Opinion

Milkshake line must shorten

Since 1989, Mark Light shakes have been a staple at Hurricanes baseball games. For many students, attending a game is merely the intermediate step to an ultimate end – consuming a delectable milkshake.

But it has gotten to the point that obtaining a milkshake at a Hurricanes baseball game is more of a hassle than an enjoyable experience. With waits that can span three innings, the amount of time necessary to get a milkshake has become increasingly frustrating, especially with this year’s price increase from $5 to $6 per shake.

If the university wants to provide its fans with the best possible experience, changes must be implemented to expedite the process to purchase a milkshake.

Last spring, I brought my family to a baseball game against the University of Florida (UF). Between the family-friendly environment of Alex Rodriguez Park and the allure of creamy milkshakes, I assumed this would be a great way to spend quality family time. What I failed to anticipate was the fact that “family time” would include standing in the milkshake line from the end of the fifth inning until the last out of the game, while my family watched in the stands. When UF was once again in town last month, it was apparent that nothing had been done to resolve this issue.

Although waiting in line for a milkshake may be a novelty for those who have never dealt with the grueling wait, this indoctrination into the Miami baseball fan club has long lost its appeal. What is so disappointing about the milkshake line at baseball games is the fact that the solution is astoundingly simple.

If the Mark Light milkshake stand were to get a second register, a second soft-serve machine, and hire one or two more workers, I would venture that the wait time could easily be cut in half. This remedy would allow fans to see more of the actual game they came to watch.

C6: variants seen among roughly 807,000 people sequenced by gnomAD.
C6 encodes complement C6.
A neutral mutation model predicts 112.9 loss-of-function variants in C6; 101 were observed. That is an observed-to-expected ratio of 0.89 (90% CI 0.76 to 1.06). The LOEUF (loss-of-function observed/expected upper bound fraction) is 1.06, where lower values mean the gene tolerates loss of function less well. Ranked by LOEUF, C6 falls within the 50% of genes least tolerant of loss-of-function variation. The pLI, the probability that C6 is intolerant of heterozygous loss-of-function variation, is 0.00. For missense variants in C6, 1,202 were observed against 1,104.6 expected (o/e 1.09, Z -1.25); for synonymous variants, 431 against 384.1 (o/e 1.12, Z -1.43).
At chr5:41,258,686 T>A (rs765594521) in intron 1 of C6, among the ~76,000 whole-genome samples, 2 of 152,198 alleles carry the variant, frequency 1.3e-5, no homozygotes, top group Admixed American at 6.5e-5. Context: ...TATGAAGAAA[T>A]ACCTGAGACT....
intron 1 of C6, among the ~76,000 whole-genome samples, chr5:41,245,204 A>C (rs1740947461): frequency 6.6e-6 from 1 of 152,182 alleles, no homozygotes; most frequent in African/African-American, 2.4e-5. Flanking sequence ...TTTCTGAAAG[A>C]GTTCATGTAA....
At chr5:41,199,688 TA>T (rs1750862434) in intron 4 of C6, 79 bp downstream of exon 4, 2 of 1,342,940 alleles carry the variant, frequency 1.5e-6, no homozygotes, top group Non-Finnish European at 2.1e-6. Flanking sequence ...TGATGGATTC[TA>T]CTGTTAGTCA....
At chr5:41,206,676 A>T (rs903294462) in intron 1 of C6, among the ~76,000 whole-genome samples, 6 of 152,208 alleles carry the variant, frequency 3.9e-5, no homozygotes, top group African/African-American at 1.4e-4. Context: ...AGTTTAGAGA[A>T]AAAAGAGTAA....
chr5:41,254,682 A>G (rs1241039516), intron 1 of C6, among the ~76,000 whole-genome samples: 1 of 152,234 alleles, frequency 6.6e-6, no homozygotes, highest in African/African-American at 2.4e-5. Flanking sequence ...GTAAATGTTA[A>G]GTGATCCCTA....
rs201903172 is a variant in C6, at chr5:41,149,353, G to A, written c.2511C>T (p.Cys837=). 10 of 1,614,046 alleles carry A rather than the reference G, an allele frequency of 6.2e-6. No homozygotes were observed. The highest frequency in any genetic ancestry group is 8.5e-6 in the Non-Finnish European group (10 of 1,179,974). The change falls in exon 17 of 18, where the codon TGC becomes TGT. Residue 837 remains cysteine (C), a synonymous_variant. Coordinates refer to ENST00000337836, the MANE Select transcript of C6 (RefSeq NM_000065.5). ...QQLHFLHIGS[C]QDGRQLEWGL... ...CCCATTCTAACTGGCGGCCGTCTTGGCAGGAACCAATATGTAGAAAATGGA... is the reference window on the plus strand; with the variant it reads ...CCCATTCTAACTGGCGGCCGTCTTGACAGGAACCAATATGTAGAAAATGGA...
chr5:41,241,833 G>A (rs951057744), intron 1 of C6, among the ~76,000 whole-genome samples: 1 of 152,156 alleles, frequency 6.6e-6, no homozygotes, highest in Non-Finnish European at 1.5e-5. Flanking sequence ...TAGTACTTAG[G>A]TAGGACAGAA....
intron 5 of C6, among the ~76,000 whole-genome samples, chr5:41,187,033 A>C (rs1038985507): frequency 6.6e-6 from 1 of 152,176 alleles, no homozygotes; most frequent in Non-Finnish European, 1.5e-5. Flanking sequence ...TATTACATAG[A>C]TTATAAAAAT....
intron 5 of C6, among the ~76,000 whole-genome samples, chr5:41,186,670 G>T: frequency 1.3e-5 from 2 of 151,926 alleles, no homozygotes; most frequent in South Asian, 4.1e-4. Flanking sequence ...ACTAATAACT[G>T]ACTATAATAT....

Mark Light Shakes are an important aspect of the baseball fan experience, but they should add value to fan satisfaction, rather than detract from it. Fans should demand more from the milkshake line at Alex Rodriguez Park.

This starts with the university taking steps to improve the efficiency of the milkshake line, so that all can enjoy a shake in timely fashion.

 

Paul Ryan is a junior majoring in economics and finance.

 
March 19, 2014

Reporters

Paul Ryan


Around the Web
  • Miami Herald
  • UM News
  • HurricaneSports

If redshirt freshman N’Kosi Perry is starting Thursday night for the No. 16 Miami Hurricanes against ...

It sure sounds like redshirt freshman N’Kosi Perry is going to get his first career start at 8 Thurs ...

If he hasn’t made it already, Miami Hurricanes coach Mark Richt has a defining decision to ponder in ...

They were way below the radar coming into the 1983 season. And after their 28-3 opening-game loss to ...

In the opening eight minutes on Saturday — and the final seven minutes — FIU looked like a team that ...

Theatre arts students open the Ring Theatre’s 2018-19 season with a tribute to the creative genius w ...

UM representatives earned Novice and Junior Varsity categories at the National Opener, one of the mo ...

The Office of Civic and Community Engagement receives a $300,000 investment from JPMorgan Chase to t ...

Get Out The Vote, a nonpartisan initiative headed by the Division of Student Affairs and the Butler ...

University of Miami Libraries commemorates Banned Books Week with a special event and display. ...

Conference play is just a few days away and the Miami Hurricanes are focused on their ACC opener on ...

The Miami Hurricanes were one of the biggest risers in both major polls released Sunday, jumping to ...

Miami junior Estela Perez-Somarriba's 6-4, 6-3 victory over Evgeniya Levashova will be re-broad ...

Estela Perez-Somarriba of the Miami women's tennis team earned one of the most prestigious coll ...

The University of Miami volleyball program defeated Duke, 3-1, winning its fourth straight match and ...

TMH Twitter
About TMH

The Miami Hurricane is the student newspaper of the University of Miami in Coral Gables, Fla. The newspaper is edited and produced by undergraduate students at UM and is published weekly in print on Tuesdays during the regular academic year.